The brightest spot is the continued positive economic signs:
- U.S. Retail and Food Services Sales rose to 1.91 percent, compared to 0.57 percent last month; this is higher than the long term average of 0.37 percent.
- The US Producer Price Index increased to 0.42 percent, compared to 0.34 percent last month; this range is higher than the long-term average of 0.13 percent. However, on the negative side, the U.S. Department of Labor reported that new unemployment claims rose to 898,000, up 6.27 percent from the 845,000 last week—quite an unexpected increase.
As we look ahead toward the drivers of 4Q2020, we expect the volatility to continue as long as open issues are impacting the market directly, whether the stimulus bill, the Covid-19 vaccines or increased concern over a possible second wave of infections. However, the mainly positive economic news provides us with a sense that the economy is again on solid footing as we look ahead to 2021. We must all keep in mind that the economic recovery pace may slow down, making the prospect of achieving pre-pandemic levels an elusive target. These are why the Federal Reserve has pointed out that a stimulus bill is needed to allow the economy to recover with substantial financial and fiscal support. While you and I understand this issue, Washington does not.
Results for the week ending Oct. 16
- The Dow Jones Industrial Average closed at 28,606.31, up 19.41 points, or 0.07 percent, for a YTD return of 0.24 percent.
- The Standard & Poor’s 500 closed at 3,483.81, up 6.68 points, or 0.19 percent, for a YTD return of 7.83 percent.
- The Nasdaq Composite Index closed at 11,671.56, up 91.62 points, or 0.79 percent, for a YTD return of 30.08 percent.
- The Birling Puerto Rico Stock Index closed at 1,650.43, down 28.22 points, or 1.68 percent, for a YTD return of minus-19.01 percent.
- The US Treasury 10-year note closed at 0.76 percent, down 3.8 percent.
- The US Treasury 2-year note closed at 0.14 percent, down 12.5 percent.
The Final Word: What are the main obstacles facing investments
Let’s discuss the obstacles facing the markets as we attempt to wrap up 4Q.
- GDP: after a record-breaking gross domestic product (GDP) contraction, the U.S. economy began to show a V-shaped recovery and recovered close to 70 percent of all market losses. However, as the stimulus funding ran out, the strong bounce has slowed.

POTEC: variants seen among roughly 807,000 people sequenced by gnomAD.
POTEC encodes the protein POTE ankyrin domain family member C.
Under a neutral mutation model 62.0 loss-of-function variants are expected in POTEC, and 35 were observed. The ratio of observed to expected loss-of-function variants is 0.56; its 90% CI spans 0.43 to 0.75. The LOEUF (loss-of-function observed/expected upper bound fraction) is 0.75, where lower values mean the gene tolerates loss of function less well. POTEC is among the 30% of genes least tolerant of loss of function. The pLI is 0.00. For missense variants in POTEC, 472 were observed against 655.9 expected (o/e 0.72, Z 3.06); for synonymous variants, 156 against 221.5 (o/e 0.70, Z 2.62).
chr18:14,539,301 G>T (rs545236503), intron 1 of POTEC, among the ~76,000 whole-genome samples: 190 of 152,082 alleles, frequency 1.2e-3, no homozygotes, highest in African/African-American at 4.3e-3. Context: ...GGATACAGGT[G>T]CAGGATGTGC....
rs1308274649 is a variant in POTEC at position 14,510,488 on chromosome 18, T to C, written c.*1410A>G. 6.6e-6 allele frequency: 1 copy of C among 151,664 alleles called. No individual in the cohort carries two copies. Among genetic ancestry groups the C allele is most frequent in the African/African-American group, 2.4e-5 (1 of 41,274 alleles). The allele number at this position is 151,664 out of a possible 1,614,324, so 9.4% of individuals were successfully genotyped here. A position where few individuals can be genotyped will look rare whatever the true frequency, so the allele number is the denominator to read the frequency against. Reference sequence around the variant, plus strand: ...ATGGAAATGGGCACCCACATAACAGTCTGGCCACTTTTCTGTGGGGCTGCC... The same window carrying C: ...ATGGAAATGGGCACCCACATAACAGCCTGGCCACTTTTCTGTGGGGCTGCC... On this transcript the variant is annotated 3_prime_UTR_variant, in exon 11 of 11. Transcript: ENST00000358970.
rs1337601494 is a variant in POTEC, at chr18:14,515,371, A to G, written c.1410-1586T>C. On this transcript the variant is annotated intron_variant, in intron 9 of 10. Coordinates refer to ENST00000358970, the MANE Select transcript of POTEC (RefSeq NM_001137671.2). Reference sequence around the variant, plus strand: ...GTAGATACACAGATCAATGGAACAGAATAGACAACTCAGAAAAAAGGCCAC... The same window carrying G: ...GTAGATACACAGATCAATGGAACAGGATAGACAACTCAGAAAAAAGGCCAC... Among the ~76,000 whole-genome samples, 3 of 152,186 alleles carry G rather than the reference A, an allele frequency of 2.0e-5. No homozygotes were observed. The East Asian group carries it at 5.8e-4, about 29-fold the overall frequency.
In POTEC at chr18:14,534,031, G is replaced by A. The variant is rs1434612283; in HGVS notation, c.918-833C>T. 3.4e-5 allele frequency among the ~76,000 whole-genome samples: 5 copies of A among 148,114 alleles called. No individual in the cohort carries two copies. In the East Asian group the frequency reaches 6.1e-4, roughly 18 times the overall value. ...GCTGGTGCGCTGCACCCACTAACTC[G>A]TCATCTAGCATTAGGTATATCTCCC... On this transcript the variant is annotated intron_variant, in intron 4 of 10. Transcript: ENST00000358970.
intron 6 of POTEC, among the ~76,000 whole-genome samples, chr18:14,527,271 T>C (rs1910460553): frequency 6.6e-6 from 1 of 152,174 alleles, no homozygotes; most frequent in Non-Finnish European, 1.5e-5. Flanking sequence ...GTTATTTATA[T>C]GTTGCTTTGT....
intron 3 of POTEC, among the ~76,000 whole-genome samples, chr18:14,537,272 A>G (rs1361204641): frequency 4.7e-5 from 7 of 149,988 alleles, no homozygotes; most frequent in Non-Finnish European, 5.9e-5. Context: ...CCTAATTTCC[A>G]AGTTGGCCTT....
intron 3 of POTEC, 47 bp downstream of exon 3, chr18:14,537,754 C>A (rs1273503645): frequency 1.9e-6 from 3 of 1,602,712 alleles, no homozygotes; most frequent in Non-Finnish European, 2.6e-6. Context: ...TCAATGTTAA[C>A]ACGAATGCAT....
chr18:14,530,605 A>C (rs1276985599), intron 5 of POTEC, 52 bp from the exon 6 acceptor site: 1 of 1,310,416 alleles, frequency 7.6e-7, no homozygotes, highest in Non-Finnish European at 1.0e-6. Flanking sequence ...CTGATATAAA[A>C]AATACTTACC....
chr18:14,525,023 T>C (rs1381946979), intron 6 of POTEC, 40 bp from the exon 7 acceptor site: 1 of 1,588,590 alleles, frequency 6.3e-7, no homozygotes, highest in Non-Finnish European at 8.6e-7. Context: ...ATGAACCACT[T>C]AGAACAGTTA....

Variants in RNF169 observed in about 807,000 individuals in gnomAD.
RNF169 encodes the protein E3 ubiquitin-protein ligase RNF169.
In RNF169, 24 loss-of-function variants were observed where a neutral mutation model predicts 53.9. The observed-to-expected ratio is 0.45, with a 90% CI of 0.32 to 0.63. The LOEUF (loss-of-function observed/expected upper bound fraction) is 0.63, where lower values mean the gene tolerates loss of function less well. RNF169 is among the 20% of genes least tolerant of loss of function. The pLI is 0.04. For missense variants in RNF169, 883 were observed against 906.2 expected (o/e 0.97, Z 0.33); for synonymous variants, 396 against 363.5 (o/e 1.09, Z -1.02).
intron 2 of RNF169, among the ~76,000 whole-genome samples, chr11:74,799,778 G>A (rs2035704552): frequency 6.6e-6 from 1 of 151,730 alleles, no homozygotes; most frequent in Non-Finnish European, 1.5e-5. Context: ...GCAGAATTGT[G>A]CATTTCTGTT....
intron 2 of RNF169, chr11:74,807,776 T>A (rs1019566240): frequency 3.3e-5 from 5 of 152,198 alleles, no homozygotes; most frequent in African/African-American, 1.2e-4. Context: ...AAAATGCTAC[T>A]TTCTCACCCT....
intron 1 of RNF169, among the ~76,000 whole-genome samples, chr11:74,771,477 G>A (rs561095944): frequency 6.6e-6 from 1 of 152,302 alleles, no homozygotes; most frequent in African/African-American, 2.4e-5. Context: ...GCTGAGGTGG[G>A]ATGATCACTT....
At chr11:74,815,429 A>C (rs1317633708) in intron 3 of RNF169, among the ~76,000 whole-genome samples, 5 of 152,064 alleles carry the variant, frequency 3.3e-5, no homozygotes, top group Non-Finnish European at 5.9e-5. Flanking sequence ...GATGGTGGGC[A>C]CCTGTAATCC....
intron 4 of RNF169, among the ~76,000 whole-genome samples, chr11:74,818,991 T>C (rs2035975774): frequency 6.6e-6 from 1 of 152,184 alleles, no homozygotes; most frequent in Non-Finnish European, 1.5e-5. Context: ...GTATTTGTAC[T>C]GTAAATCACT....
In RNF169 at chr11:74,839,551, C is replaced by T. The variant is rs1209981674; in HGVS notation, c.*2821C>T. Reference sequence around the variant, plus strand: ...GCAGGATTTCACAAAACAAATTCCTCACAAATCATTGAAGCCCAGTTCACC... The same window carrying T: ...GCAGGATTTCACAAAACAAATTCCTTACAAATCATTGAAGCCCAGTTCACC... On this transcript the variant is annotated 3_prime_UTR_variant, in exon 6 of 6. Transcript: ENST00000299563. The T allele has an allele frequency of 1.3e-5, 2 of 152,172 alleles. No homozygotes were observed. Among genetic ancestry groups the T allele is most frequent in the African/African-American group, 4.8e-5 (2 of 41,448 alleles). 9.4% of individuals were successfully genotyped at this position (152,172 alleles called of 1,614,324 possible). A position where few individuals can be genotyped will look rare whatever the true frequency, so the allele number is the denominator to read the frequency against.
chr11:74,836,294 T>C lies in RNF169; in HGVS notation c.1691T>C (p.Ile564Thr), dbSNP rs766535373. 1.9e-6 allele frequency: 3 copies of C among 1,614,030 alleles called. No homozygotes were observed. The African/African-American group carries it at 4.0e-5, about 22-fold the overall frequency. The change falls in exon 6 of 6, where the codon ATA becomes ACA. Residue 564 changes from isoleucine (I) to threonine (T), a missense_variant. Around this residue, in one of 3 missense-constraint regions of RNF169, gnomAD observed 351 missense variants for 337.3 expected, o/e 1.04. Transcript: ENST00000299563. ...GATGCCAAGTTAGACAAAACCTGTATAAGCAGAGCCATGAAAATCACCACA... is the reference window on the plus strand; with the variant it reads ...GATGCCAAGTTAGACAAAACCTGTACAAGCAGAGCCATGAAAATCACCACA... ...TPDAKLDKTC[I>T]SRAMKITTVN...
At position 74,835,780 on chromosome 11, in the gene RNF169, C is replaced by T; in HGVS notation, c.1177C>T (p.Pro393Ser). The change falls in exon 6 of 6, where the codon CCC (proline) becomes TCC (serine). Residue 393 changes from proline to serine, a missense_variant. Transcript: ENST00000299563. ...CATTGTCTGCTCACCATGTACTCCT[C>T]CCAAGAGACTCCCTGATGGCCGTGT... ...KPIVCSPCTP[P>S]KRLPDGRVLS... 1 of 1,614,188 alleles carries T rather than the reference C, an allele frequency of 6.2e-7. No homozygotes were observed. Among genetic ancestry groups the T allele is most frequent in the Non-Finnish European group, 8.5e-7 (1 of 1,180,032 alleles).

- Unemployment: The U.S. Unemployment Rate is at 7.9 percent, higher than the long-term average of 5.76 percent; several industries have been more impacted than others—Tourism, Leisure, Travel among others—and need support to navigate this exogenous shock period.
- The New Economy: The pandemic has created two distinct economies—one for those fully able to provide services digitally, but constrains those who are unable to transform in terms of capacity and business model. The latter will be significantly affected. In a recent New York survey, more than 75,000 companies in the city have closed permanently.
- Corporate America: as its earnings fell a whopping 35 percent on average, we expect a substantial improvement for 4Q20 and a solid 2021.
- 4Q2020: this quarter is full of notable challenges due to Covid-19, mixed with the flu season, and with the economy trying to recover lost ground, it remains to be seen how the year-end quarter is impacted. We are planning for the best and prepared for the worst.
- Global Economic Outlook: growth is projected at minus−4.4 percent in 2020, a less severe contraction than forecast in the June 2020 World Economic Outlook update. Global growth is projected at 5.2 percent in 2021
As the U.S. and global economies are amid diverse stages of a rebound, we expect the economies to fire on all cylinders to finish the year on solid ground.
We must always have the faith in a better future and that our current challenges will make us wiser, tougher and more devoted to our convictions.
Francisco Rodriguez-Castro is president & CEO of Birling Capital LLC